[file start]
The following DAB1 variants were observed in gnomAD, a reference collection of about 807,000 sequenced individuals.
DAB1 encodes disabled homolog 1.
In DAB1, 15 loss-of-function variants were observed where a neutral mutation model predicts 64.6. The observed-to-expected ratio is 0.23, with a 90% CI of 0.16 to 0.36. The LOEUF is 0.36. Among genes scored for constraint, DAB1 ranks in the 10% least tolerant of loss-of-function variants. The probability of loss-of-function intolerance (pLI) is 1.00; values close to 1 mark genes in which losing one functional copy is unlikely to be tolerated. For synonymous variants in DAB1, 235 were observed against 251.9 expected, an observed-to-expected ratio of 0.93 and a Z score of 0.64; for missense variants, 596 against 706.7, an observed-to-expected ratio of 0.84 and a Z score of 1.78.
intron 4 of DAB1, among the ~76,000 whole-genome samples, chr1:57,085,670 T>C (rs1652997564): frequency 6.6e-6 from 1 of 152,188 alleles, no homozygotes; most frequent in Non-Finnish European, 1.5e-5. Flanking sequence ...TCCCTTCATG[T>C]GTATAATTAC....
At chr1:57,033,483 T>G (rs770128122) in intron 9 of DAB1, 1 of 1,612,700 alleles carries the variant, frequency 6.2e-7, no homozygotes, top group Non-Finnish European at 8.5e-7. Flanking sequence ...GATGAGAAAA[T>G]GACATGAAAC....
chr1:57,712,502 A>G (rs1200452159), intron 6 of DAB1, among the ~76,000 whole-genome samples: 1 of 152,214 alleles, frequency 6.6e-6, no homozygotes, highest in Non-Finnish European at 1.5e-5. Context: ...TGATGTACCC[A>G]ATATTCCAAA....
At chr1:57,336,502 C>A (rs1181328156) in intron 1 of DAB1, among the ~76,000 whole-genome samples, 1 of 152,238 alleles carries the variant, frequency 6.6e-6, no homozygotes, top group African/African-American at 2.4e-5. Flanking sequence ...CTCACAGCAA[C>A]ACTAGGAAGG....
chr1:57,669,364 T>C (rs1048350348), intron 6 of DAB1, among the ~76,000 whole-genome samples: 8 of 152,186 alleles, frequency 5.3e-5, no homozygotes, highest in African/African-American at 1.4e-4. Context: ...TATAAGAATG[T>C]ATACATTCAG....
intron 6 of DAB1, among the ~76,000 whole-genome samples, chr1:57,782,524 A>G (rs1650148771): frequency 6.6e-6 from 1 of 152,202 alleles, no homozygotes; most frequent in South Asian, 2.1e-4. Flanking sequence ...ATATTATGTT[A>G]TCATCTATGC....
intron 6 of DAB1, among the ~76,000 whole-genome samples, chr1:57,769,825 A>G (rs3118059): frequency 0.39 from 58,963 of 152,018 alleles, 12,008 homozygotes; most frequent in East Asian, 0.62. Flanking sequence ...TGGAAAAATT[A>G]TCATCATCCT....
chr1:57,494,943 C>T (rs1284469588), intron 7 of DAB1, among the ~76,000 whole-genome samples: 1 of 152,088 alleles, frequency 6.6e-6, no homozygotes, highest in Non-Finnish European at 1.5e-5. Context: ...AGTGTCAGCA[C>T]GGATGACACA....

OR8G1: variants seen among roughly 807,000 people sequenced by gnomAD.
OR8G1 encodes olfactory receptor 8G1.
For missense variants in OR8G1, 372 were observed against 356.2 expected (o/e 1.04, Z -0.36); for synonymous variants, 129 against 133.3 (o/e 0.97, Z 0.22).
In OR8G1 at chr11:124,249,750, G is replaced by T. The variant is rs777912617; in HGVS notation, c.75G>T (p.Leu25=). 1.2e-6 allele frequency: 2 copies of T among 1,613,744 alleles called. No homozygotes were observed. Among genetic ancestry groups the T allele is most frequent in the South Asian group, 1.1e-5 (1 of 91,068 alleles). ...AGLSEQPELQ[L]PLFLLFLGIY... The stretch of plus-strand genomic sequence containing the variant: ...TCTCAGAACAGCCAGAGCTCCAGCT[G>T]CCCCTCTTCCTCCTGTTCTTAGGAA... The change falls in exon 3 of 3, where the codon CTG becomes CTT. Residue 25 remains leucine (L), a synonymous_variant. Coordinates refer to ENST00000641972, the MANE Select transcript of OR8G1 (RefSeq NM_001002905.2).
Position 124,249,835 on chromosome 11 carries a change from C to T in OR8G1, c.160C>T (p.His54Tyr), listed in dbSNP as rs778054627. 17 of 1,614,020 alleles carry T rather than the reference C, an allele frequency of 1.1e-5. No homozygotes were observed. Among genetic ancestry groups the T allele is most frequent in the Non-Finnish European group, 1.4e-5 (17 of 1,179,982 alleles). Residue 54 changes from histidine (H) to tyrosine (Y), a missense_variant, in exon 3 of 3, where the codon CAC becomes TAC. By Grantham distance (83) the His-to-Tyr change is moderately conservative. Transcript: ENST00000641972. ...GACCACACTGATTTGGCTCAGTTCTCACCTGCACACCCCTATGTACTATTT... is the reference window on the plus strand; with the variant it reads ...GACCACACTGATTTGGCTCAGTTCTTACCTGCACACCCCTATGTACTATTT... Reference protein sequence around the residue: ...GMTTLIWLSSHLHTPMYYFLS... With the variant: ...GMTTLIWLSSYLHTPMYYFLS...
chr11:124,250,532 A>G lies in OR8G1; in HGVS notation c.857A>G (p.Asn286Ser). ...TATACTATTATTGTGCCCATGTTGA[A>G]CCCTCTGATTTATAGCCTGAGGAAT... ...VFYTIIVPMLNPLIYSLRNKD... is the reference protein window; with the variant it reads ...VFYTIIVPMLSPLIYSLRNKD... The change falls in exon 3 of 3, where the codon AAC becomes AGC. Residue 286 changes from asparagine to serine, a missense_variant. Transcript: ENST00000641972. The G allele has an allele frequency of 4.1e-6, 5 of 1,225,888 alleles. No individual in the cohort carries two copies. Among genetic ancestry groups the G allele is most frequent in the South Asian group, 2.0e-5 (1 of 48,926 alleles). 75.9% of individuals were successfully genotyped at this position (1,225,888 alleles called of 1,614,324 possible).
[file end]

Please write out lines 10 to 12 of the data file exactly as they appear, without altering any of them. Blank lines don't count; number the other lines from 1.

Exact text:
intron 6 of DAB1, among the ~76,000 whole-genome samples, chr1:57,769,825 A>G (rs3118059): frequency 0.39 from 58,963 of 152,018 alleles, 12,008 homozygotes; most frequent in East Asian, 0.62. Flanking sequence ...TGGAAAAATT[A>G]TCATCATCCT....
chr1:57,494,943 C>T (rs1284469588), intron 7 of DAB1, among the ~76,000 whole-genome samples: 1 of 152,088 alleles, frequency 6.6e-6, no homozygotes, highest in Non-Finnish European at 1.5e-5. Context: ...AGTGTCAGCA[C>T]GGATGACACA....

OR8G1: variants seen among roughly 807,000 people sequenced by gnomAD.